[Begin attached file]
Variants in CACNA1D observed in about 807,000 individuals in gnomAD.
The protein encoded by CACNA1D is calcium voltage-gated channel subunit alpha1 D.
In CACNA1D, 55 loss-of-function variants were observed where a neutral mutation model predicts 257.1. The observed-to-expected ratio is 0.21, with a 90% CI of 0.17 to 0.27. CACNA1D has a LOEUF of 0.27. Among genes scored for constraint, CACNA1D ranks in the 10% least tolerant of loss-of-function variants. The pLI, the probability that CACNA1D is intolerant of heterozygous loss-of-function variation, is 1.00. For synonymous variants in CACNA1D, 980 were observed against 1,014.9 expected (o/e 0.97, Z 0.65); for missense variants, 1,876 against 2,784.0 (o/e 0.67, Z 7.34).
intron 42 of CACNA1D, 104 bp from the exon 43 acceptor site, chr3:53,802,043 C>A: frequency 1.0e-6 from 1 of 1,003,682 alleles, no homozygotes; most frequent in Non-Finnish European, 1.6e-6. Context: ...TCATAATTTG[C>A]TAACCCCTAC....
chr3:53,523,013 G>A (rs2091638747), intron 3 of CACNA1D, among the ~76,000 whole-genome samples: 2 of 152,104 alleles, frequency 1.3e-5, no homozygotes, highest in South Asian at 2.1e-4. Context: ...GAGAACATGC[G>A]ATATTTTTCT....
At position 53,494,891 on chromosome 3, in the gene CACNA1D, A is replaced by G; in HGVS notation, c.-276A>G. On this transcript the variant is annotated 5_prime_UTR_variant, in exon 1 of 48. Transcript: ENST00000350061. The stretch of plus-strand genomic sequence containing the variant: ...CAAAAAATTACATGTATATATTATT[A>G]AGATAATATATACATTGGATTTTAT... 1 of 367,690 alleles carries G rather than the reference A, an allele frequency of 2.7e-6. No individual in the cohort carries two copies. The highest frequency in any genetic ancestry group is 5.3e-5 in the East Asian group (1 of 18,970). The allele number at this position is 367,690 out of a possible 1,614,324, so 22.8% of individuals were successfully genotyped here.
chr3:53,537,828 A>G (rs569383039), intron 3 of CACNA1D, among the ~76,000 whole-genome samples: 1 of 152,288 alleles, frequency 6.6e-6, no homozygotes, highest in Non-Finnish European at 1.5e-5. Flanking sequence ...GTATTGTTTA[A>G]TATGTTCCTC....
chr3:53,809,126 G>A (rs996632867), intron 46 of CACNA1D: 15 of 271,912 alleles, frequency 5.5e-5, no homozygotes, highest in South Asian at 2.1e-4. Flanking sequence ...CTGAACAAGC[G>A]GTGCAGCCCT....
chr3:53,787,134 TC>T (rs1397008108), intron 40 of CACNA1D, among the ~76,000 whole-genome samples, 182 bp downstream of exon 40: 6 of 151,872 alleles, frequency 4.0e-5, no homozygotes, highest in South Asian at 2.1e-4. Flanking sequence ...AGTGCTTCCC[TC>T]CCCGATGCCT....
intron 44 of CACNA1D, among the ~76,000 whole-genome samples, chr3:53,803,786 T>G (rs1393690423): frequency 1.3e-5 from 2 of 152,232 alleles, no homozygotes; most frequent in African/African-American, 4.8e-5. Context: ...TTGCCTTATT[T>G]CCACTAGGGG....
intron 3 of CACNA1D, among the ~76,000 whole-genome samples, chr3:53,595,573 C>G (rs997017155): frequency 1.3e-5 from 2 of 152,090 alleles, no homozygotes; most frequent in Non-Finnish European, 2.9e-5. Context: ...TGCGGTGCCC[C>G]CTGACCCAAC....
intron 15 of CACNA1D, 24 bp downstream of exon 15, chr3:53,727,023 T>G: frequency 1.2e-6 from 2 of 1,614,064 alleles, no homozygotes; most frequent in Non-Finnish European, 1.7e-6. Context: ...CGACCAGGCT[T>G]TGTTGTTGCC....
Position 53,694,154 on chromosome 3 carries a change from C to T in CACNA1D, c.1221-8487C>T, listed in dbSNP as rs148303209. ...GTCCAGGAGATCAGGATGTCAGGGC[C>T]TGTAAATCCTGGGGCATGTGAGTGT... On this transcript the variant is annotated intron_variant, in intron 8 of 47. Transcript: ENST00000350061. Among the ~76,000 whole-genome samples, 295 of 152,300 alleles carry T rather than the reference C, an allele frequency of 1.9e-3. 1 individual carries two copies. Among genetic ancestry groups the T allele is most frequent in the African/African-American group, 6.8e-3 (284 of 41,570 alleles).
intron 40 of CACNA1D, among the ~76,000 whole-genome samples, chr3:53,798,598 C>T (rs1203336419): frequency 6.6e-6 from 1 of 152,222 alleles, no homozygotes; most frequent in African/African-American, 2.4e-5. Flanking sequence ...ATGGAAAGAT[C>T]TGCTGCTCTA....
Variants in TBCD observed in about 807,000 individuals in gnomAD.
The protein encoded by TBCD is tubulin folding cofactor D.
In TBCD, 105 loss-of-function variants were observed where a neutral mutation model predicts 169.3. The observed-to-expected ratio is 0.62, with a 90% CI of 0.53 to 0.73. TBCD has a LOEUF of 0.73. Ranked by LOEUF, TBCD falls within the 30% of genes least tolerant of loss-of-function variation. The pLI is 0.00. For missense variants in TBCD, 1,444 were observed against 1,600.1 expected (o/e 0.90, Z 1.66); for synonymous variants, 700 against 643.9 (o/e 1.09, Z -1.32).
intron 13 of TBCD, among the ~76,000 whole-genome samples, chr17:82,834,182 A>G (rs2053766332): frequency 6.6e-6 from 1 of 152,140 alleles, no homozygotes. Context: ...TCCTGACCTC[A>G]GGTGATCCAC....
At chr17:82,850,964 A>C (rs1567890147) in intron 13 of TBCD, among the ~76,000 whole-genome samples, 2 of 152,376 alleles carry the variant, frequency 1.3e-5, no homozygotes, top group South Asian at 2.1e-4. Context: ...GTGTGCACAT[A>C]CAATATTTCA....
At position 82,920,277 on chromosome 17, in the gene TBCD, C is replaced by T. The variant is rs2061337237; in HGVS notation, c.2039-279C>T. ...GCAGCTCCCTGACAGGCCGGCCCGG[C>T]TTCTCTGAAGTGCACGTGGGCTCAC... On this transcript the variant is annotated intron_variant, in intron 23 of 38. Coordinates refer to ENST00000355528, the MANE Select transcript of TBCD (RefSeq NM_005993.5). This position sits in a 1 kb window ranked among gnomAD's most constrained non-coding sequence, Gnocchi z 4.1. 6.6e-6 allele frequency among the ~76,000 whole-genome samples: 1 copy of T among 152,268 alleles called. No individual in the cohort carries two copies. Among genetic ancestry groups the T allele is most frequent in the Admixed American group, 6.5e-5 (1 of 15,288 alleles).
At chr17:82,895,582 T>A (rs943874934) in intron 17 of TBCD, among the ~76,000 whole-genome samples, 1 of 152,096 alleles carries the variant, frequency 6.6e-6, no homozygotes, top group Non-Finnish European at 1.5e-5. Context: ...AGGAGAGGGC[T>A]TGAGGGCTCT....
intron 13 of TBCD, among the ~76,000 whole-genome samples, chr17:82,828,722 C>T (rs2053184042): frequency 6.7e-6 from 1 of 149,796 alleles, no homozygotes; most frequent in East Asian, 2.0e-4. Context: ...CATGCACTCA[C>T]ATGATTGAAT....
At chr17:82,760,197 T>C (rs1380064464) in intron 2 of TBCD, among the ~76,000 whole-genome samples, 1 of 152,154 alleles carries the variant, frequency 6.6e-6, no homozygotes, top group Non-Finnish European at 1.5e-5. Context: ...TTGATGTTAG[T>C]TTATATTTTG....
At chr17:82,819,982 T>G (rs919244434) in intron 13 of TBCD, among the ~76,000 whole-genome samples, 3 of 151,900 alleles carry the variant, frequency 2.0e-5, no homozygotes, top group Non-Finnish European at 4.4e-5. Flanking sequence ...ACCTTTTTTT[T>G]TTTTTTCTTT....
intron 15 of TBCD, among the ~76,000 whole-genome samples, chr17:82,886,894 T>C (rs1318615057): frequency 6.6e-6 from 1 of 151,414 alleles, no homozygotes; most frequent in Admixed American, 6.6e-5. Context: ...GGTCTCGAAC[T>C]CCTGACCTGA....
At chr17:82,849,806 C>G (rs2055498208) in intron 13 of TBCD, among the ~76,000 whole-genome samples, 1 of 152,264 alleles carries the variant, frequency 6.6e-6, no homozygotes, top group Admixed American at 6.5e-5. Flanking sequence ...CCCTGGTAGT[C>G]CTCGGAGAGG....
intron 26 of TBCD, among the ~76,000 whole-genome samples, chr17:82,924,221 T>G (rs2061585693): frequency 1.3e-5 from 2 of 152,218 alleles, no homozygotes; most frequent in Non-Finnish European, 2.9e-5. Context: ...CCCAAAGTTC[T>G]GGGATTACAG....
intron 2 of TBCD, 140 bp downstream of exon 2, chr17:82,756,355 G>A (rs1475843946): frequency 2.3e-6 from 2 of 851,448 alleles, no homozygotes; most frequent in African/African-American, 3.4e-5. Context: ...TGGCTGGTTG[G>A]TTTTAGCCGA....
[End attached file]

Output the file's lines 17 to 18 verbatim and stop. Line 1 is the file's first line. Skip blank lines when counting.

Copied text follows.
In TBCD, 105 loss-of-function variants were observed where a neutral mutation model predicts 169.3. The observed-to-expected ratio is 0.62, with a 90% CI of 0.53 to 0.73. TBCD has a LOEUF of 0.73. Ranked by LOEUF, TBCD falls within the 30% of genes least tolerant of loss-of-function variation. The pLI is 0.00. For missense variants in TBCD, 1,444 were observed against 1,600.1 expected (o/e 0.90, Z 1.66); for synonymous variants, 700 against 643.9 (o/e 1.09, Z -1.32).
intron 13 of TBCD, among the ~76,000 whole-genome samples, chr17:82,834,182 A>G (rs2053766332): frequency 6.6e-6 from 1 of 152,140 alleles, no homozygotes. Context: ...TCCTGACCTC[A>G]GGTGATCCAC....